How government can shore up its revenue collection

A customer files tax returns at KRA's Nyeri offices. [Kibata Kihu, Standard]

The primary function of government is to provide quality services to its citizens such as improving living standards, creating jobs, and proper security.

Health care, education, modern infrastructure, and paying civil servants is also the government’s responsibility. Now, for the economy to grow, governments need sustainable sources of funding to achieve the common goal of a prosperous and functional society.

However, there are limits to how much the government can receive as loans and grants from external donor countries like Russia, the US, the UK, and China and financial institutions like the World Bank and the IMF.

The Kenya Revenue Authority targets to collect Sh2.768 trillion by the end of the current Financial Year 2023/2024, and it is confident that it will achieve this to enable the government to finance its Bottom-Up Economic Transformation Agenda (BETA) and sustain the country’s economy.

Tax is the most common and important government intervention to redistribute income among the population. The tax burden on the upper-income groups is higher and lower for lower-income groups.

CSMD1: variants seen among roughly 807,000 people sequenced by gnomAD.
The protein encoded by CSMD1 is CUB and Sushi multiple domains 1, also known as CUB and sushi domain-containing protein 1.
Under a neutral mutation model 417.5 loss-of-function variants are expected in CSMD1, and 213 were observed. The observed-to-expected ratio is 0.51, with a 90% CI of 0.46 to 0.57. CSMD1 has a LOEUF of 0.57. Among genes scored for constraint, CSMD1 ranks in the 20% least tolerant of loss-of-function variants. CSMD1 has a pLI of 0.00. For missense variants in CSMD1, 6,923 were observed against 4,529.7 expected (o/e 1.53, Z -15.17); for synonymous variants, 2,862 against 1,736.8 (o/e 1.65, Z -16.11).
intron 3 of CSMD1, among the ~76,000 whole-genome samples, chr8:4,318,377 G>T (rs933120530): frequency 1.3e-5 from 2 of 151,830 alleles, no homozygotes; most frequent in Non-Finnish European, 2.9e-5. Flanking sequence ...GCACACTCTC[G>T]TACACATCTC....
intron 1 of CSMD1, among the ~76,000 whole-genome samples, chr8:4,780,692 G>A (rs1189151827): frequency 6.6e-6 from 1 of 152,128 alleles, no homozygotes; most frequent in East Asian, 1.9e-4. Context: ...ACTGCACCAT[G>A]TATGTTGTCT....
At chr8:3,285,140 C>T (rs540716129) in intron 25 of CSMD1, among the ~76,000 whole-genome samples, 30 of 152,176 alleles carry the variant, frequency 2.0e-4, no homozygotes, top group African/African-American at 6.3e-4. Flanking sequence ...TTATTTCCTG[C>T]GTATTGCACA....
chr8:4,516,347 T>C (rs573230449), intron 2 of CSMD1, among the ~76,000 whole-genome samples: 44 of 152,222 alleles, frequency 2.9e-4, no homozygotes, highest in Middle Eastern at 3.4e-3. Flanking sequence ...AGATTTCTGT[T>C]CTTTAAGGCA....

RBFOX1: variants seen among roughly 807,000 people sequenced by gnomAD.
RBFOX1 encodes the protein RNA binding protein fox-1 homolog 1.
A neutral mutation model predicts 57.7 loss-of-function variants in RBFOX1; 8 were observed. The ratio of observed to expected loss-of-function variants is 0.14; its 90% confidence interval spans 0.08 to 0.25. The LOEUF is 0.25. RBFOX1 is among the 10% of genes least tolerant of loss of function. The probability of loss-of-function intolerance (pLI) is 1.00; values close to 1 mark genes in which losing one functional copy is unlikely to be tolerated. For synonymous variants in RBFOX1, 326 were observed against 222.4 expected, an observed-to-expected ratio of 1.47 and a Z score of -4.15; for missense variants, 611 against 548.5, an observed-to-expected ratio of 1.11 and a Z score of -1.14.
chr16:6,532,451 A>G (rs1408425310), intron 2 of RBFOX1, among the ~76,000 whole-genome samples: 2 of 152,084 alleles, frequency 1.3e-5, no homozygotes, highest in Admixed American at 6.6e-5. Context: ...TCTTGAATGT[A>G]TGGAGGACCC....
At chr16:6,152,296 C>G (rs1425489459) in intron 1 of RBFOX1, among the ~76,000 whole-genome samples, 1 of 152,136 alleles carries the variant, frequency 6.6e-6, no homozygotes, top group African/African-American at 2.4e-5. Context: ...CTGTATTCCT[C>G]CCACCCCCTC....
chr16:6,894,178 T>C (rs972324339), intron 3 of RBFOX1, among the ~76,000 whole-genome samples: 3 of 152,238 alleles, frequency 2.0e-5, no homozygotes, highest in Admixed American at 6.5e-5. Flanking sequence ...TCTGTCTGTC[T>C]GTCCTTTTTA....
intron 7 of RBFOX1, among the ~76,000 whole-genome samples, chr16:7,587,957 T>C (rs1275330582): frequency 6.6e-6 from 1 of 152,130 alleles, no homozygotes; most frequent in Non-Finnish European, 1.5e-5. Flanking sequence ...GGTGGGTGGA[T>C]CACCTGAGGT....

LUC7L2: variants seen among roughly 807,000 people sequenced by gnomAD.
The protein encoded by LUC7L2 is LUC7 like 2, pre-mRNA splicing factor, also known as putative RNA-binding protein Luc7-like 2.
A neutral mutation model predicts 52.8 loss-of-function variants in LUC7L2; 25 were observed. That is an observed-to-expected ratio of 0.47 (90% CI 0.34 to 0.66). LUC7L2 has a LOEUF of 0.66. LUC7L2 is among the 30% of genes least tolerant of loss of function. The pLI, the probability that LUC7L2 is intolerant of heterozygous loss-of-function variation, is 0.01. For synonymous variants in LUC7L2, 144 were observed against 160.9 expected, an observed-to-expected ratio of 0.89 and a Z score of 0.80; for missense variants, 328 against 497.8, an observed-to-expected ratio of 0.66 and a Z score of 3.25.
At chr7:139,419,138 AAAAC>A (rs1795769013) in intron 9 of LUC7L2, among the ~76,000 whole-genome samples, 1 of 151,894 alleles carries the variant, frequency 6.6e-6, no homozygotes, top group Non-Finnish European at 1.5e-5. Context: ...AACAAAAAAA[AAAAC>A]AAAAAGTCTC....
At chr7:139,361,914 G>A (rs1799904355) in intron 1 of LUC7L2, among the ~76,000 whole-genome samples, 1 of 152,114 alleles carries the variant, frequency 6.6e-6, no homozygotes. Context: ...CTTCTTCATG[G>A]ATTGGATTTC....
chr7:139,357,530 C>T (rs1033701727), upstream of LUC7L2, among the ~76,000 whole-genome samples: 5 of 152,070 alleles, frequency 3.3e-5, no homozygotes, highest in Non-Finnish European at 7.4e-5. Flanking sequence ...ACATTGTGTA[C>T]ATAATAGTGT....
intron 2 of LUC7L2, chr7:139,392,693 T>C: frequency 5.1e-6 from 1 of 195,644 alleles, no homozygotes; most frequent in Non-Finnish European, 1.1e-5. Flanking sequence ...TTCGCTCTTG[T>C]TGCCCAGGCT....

The government must devise a tax collection system that is fair, effective, and efficient. Making it easier to pay taxes improves a country’s competitiveness. Complicated tax systems are associated with high levels of tax evasion, corruption, and less investment including foreign direct investments (FDI).

Modern tax systems should seek to optimize tax collections while minimizing the burden on taxpayers to comply with tax laws. According to United Nations (UN) reports, developing economies collect just 15 per cent of GDP in taxes while developed countries collect 40 per cent.

Given the needs of developing countries, this low level of tax collection is putting economic development at risk. Regardless of the constraints developing countries encounter, they must strengthen their capacity to collect taxes.

There are many benefits of paying taxes. They develop and maintain critical infrastructure, and create or maintain institutions needed for the rule of law and the functioning of the democratic process. Kenyans should contribute to the development of the nation by paying taxes rather than believing that income tax is a burden.

Some reforms to improve our Kenyan tax system include curbing exemptions to boost revenue by broadening the tax base. The VAT has proved an efficient and strong revenue booster and hence its payment should be simplified.

Tax reforms should concentrate on reducing corruption and addressing non-compliance. A major tax base is lost in revenue collection because taxpayers escape taxation. We can adopt laws and regulations that include strong taxpayer protection against harassment from tax officials.

The government should design a tax compliance system that will not discourage taxpayers from participating. How taxes are raised and spent can determine a government’s legitimacy. Past generations paid taxes for the entire infrastructure we have today. Our taxes today allow us to pass those benefits to future generations.

-Dr Wanjau is an economist. [email protected]